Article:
Weighting issues in complex cross-sectional and longitudinal surveys 1
|Convenor||Ms Nicole Watson (University of Melbourne )|
|Coordinator 1||Dr Olena Kaminska (University of Essex)|
Regression analysis of survey data often incorporates the survey weights to allow for a complex sample design. Often the design weights are used for this purpose. Other possibilities include calibrated weights, the product of the design weights and a function of the covariates, smoothed weights given the values of the response and covariates, or unweighted approaches. The statistical and practical properties of these options are evaluated using the New Zealand Health Survey, which is an example of a complex, multi-stage, dual-frame health survey which oversamples ethnicities.
Recent integration of representative survey data and genomewide data provides new opportunities to generate population health estimates. Currently, sampling weights are not applied to genomewide data and analyses. Using the New Solider Study, the Pre and Postdeployment Study (Army STARRS) and the Health and Retirement Study, we examine the effects of using sampling and non-response weights on generalizability in genomewide data analyses such Genome Wide Association Studies and Genomic Relatedness Matrix Restricted Maximum Likelihood. As biological data are often collected from separate consents and are sometime subsamples of the larger study, these weights are unique and challenging to create.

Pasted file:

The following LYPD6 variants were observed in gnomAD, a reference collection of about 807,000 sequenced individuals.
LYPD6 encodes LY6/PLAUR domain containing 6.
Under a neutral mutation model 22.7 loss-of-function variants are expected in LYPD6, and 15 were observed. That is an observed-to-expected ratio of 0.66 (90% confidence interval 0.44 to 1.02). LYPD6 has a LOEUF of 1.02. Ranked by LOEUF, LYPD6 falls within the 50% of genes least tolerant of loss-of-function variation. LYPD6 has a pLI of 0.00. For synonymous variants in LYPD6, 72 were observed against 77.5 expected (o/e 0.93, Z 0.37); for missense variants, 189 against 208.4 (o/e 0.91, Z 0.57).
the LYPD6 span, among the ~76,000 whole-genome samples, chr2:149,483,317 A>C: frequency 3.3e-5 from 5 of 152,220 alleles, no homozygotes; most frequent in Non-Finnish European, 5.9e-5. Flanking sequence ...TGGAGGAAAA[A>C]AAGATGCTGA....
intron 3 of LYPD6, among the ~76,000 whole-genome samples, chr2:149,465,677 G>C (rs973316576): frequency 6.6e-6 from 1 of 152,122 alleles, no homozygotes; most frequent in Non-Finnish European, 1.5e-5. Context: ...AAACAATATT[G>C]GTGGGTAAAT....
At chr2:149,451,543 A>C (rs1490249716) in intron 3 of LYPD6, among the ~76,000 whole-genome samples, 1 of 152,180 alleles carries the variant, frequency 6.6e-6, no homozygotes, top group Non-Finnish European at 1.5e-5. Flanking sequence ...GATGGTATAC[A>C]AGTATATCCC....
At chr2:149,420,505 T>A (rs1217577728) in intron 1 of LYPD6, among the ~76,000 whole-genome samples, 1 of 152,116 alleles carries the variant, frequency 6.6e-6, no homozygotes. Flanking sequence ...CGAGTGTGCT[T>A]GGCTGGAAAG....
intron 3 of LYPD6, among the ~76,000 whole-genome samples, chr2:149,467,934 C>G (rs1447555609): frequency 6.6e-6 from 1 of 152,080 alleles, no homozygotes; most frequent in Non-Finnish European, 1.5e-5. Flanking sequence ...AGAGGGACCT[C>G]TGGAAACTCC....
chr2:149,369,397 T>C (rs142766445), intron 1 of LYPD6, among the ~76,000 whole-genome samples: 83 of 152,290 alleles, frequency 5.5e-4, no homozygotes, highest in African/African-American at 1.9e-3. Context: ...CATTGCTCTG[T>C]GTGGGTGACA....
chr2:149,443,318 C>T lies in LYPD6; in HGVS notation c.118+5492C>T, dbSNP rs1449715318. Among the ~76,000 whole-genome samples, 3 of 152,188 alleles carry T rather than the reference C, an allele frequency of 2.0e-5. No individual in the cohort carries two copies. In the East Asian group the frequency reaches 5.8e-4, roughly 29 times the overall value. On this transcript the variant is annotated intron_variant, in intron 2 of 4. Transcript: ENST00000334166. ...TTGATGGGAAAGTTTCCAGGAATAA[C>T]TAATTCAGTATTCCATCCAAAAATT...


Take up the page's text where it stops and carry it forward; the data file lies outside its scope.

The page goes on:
Data for all countries for 6 rounds were weighted and analysed. An inventory of 23 variables that appear in all rounds was used to compute non-response biases i.e. the differences between the weighted and the unweighted estimate. Absolute and relative, standardized and non-standardized biases were computed for the selected variables and compared to response rates. The results vary across countries - the larger the nonresponse rate, the higher are the biases. In addition, a sensibility analysis was performed to estimate variations in the weighting procedure.
Longitudinal surveys follow people over time and some deaths will occur during the life of the panel. Through fieldwork efforts, some deaths will be known but others will go unobserved due to sample members no longer being issued to field or having inconclusive fieldwork outcomes. Using the Household, Income and Labour Dynamics in Australia (HILDA) Survey, three methods are used to examine the implications for non-response correction: i) matching to the national death registry; ii) employing life expectancy tables; and iii) modelling deaths as part of the attrition process.